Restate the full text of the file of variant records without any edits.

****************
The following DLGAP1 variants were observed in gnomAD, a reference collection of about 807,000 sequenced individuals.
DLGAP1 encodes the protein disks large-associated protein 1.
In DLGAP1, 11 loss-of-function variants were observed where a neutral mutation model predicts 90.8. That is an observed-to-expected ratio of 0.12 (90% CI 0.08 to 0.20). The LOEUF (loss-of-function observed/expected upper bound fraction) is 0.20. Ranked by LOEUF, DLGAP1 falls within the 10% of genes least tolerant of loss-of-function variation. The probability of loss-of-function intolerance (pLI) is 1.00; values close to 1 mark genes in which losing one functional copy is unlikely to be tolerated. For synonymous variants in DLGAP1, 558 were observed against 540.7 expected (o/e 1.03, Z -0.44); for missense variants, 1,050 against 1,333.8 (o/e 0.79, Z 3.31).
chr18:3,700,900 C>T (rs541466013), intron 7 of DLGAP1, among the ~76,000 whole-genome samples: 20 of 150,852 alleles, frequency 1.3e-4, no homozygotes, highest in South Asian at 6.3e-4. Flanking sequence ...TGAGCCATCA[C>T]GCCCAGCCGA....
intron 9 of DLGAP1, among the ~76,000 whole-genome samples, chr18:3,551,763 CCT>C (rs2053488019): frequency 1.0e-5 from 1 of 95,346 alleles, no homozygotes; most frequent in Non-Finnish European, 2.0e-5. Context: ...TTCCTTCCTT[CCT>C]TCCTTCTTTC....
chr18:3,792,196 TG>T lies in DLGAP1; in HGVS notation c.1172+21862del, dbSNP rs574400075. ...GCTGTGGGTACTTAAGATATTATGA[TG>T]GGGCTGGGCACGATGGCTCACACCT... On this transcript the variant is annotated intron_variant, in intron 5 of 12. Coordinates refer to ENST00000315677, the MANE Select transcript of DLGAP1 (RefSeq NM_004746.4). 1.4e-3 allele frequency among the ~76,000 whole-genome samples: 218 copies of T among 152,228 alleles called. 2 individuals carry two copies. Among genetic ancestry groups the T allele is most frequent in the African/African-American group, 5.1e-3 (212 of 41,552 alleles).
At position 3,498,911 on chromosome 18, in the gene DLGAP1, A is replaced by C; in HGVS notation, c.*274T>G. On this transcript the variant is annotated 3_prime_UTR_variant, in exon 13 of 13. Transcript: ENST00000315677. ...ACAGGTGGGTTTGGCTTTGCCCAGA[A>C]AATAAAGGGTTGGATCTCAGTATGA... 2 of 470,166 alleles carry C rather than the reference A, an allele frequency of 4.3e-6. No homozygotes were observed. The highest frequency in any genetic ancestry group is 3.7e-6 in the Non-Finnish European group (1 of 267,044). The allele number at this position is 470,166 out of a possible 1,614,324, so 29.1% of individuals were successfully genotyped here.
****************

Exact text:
The following DLGAP1 variants were observed in gnomAD, a reference collection of about 807,000 sequenced individuals.
DLGAP1 encodes the protein disks large-associated protein 1.
In DLGAP1, 11 loss-of-function variants were observed where a neutral mutation model predicts 90.8. That is an observed-to-expected ratio of 0.12 (90% CI 0.08 to 0.20). The LOEUF (loss-of-function observed/expected upper bound fraction) is 0.20. Ranked by LOEUF, DLGAP1 falls within the 10% of genes least tolerant of loss-of-function variation. The probability of loss-of-function intolerance (pLI) is 1.00; values close to 1 mark genes in which losing one functional copy is unlikely to be tolerated. For synonymous variants in DLGAP1, 558 were observed against 540.7 expected (o/e 1.03, Z -0.44); for missense variants, 1,050 against 1,333.8 (o/e 0.79, Z 3.31).
chr18:3,700,900 C>T (rs541466013), intron 7 of DLGAP1, among the ~76,000 whole-genome samples: 20 of 150,852 alleles, frequency 1.3e-4, no homozygotes, highest in South Asian at 6.3e-4. Flanking sequence ...TGAGCCATCA[C>T]GCCCAGCCGA....
intron 9 of DLGAP1, among the ~76,000 whole-genome samples, chr18:3,551,763 CCT>C (rs2053488019): frequency 1.0e-5 from 1 of 95,346 alleles, no homozygotes; most frequent in Non-Finnish European, 2.0e-5. Context: ...TTCCTTCCTT[CCT>C]TCCTTCTTTC....
chr18:3,792,196 TG>T lies in DLGAP1; in HGVS notation c.1172+21862del, dbSNP rs574400075. ...GCTGTGGGTACTTAAGATATTATGA[TG>T]GGGCTGGGCACGATGGCTCACACCT... On this transcript the variant is annotated intron_variant, in intron 5 of 12. Coordinates refer to ENST00000315677, the MANE Select transcript of DLGAP1 (RefSeq NM_004746.4). 1.4e-3 allele frequency among the ~76,000 whole-genome samples: 218 copies of T among 152,228 alleles called. 2 individuals carry two copies. Among genetic ancestry groups the T allele is most frequent in the African/African-American group, 5.1e-3 (212 of 41,552 alleles).
At position 3,498,911 on chromosome 18, in the gene DLGAP1, A is replaced by C; in HGVS notation, c.*274T>G. On this transcript the variant is annotated 3_prime_UTR_variant, in exon 13 of 13. Transcript: ENST00000315677. ...ACAGGTGGGTTTGGCTTTGCCCAGA[A>C]AATAAAGGGTTGGATCTCAGTATGA... 2 of 470,166 alleles carry C rather than the reference A, an allele frequency of 4.3e-6. No homozygotes were observed. The highest frequency in any genetic ancestry group is 3.7e-6 in the Non-Finnish European group (1 of 267,044). The allele number at this position is 470,166 out of a possible 1,614,324, so 29.1% of individuals were successfully genotyped here.